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    Exchanged my phone tonight due to a buzzing ear-piece and with the hopes that WiFi would get a bit better. Ironically on the Best Buy demo unit, the performance was a bit closer to the Galaxy tab we compared it to in the BB store. Sadly, my exchange didn't fare as well. When I got home, the exchange unit is just as bad as the first unit for WiFi performance. Sounds like high-gain antennas on the AP, or a new 802.11n router are the only tricks left in my bag unless there's something Samsung is willing to do for us.

    What's worse is that BB only permits one exchange in the 30 day period, so no jumping ship to the MT4G unless I sell and buy at the off-contract price.

    Despite that, they were pretty cool about the whole process since I just "dropped in" w/o the box, receipt, etc. They performed the exchange w/ just the phone and waited patiently while I copied the data from the old phone to my laptop (their transfer device didn't "understand" Nexus yet).
    Rick Johnson
    Current Phone: LG Nexus 4, stock
    Prior Phone: Nexus S i9020T
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  23. #23  
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    Jerry, check out the wifi performance with 2.3.1, maybe that was one of the glitches they fixed.

    Sent from my Nexus S
    Devices: Samsung Nexus S 4.0.1(alpha, of course), Samsung Vibrant 2.3.5 CM7 w/ Glitch Kernel v13, broken HTC Dream, and a Google Cr-48 with Ubuntu 11.10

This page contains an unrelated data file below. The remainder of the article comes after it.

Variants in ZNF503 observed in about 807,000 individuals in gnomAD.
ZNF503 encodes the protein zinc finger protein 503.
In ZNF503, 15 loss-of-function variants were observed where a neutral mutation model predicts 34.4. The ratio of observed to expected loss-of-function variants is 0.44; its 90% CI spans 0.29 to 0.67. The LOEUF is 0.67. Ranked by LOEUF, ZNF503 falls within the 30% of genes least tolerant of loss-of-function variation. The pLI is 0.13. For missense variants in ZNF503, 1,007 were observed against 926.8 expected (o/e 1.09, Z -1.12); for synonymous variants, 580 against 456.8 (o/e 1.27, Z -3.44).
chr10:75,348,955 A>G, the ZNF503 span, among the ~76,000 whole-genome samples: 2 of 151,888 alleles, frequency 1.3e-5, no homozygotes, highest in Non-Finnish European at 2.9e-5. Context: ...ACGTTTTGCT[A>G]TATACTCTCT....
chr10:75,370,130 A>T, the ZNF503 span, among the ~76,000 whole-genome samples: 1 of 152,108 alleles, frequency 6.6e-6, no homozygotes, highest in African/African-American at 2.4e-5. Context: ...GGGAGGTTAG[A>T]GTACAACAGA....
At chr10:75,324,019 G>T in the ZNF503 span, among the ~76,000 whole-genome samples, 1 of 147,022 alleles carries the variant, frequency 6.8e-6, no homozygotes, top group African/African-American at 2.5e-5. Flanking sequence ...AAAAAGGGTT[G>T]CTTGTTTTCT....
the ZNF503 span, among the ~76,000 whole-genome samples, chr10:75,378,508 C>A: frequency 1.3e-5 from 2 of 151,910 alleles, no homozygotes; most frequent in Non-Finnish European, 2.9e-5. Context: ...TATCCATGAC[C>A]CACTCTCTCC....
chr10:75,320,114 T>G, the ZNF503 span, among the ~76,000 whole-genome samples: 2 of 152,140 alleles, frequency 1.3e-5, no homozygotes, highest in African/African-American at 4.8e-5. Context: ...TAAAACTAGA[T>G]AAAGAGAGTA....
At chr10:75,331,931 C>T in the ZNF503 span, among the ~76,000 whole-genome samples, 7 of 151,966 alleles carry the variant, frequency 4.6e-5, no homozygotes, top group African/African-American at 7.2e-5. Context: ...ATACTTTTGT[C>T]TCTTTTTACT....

24. #24  
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    Summary: While the WiFi performance of the Nexus S is still sub-par compared to most devices, my router, or more specifically, DD-WRT on my router had something to do with it after all.

    Tonight, I switched from DD-WRT to Tomato after I discovered that no matter what Tx power I chose (50, 71, and 84mW), the resultant RSSI on the Nexus S was constantly poor in a fixed location in my house - even after upgrading the antennas to monster 9dBi units. This meant to me that DD-WRT wasn't really applying the Tx power value after all and some sort of default prevailed.

    I then flipped the router to Tomato v1.28 which defaults to 42mW on WRT54G v1.x hardware and observed the same RSSI on the phone (-73 or worse). I bumped output power to 50mW (17dBm) and saw an immediate improvement on the phone all over the house. What was easily -73dBm is now -63dBm in the same location. At last, WiFi on the device is usable.

    I'm also using a pair of Alfa 9dBi gain antennas on the router which vastly reduced the receiving error rate - great for lower powered devices like the Nexus. I've also moved the router to a slightly more centralized location and away from metal wire shelving.

    Others having a similar problem can try these avenues if the options are available to you. Remember to not exceed legal Tx powers (84mW is a WRT54G reasonable maximum and still within legal limits).
    Rick Johnson
    Current Phone: LG Nexus 4, stock
    Prior Phone: Nexus S i9020T
    Carrier: T-Mobile since 2002
  25. #25  

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    I too have awful wifi performance. I am sitting about 6 feet from my router and I have 2 bars. If I place my hand over the top back portion of the phone it drops to 1 bar. Needless to say I am a bit disappointed. My previous phones (iPhone 4, dell streak, nexus one) all had excellent strength. I really hope a fix is on the way.